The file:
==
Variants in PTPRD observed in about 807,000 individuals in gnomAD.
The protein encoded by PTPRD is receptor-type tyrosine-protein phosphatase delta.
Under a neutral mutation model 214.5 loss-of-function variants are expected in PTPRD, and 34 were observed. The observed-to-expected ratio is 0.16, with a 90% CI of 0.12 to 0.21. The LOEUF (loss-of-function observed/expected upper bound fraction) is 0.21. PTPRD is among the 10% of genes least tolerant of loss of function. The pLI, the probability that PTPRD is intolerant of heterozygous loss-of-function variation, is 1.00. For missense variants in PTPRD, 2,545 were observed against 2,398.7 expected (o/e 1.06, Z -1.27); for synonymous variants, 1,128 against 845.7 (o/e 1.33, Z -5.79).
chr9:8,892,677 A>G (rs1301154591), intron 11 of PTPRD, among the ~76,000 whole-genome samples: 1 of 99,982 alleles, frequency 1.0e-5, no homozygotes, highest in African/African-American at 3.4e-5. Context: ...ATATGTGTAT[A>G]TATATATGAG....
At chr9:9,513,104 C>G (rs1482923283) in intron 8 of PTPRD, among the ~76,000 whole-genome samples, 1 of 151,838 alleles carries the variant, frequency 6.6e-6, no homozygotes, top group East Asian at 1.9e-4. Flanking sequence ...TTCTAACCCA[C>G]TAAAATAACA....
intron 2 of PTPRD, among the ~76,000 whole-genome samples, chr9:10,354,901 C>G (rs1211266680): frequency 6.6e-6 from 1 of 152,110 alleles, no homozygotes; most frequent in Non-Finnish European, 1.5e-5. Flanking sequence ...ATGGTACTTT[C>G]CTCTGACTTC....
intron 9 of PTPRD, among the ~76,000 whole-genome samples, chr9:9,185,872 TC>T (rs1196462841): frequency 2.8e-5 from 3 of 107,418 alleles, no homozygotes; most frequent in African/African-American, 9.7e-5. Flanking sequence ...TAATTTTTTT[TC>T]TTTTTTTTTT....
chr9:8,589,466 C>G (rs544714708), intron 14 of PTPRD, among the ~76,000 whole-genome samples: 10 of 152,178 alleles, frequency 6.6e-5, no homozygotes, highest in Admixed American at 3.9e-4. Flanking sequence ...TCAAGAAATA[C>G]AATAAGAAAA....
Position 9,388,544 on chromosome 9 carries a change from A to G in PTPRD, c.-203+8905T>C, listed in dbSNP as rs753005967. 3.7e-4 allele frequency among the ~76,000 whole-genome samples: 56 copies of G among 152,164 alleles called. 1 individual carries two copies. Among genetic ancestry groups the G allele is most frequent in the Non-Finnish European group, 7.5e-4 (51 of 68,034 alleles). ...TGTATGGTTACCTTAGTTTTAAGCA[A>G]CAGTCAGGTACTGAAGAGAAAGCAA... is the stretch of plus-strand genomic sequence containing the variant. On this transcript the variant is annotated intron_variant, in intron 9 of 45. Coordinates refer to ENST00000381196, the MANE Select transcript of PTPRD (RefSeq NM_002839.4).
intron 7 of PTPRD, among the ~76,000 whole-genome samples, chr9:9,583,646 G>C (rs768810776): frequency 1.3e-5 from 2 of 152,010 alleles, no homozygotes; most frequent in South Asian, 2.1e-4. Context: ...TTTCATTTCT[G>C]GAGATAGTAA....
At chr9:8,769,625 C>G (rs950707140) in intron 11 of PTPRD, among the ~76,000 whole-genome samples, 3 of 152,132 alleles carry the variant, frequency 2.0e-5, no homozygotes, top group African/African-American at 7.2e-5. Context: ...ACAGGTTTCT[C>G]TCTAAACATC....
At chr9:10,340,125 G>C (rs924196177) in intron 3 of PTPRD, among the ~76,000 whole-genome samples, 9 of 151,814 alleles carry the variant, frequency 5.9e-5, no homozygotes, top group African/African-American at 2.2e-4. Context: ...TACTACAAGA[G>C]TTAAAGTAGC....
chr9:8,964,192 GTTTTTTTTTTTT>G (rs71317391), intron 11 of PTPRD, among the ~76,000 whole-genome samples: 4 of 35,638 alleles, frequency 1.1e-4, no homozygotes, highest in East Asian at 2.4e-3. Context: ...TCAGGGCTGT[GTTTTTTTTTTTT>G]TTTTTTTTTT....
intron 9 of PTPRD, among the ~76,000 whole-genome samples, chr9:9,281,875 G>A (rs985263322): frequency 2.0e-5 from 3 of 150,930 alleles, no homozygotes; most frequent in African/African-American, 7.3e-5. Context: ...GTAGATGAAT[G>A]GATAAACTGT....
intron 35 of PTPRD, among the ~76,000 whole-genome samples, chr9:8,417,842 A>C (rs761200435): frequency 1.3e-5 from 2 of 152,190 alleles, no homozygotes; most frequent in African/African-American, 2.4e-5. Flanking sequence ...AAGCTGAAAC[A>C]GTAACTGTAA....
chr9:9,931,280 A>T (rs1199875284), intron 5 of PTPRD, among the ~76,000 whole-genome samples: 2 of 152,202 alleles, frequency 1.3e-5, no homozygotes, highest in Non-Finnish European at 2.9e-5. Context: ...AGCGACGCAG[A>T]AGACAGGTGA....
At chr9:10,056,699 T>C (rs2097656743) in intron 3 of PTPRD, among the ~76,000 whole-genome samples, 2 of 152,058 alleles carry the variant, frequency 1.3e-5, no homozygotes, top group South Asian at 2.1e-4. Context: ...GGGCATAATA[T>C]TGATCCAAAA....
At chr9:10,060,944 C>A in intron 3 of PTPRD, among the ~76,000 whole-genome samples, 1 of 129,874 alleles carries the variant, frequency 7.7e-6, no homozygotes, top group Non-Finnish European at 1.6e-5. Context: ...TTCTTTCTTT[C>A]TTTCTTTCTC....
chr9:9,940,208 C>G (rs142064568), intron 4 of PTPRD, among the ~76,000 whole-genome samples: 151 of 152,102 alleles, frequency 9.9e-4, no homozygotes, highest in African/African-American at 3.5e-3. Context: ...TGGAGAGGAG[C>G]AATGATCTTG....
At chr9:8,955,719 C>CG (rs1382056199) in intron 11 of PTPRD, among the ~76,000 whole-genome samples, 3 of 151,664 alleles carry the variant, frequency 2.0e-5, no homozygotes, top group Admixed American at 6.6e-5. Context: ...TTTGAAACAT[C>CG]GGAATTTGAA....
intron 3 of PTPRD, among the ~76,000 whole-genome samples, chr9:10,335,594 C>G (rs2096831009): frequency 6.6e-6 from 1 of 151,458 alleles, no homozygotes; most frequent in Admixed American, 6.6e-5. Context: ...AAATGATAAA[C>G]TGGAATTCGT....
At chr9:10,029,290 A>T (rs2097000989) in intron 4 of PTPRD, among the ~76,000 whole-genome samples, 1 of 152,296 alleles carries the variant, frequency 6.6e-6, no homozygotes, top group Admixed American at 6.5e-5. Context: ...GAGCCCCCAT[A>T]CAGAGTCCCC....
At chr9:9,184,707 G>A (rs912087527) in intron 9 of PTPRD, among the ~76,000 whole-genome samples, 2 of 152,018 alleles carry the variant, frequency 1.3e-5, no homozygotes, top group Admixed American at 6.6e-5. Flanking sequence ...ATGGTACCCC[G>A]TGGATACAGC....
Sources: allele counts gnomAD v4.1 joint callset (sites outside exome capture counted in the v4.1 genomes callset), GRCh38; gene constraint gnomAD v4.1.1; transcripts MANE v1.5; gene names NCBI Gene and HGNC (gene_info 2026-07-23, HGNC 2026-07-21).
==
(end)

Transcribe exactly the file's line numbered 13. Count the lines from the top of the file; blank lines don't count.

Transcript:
chr9:8,964,192 GTTTTTTTTTTTT>G (rs71317391), intron 11 of PTPRD, among the ~76,000 whole-genome samples: 4 of 35,638 alleles, frequency 1.1e-4, no homozygotes, highest in East Asian at 2.4e-3. Context: ...TCAGGGCTGT[GTTTTTTTTTTTT>G]TTTTTTTTTT....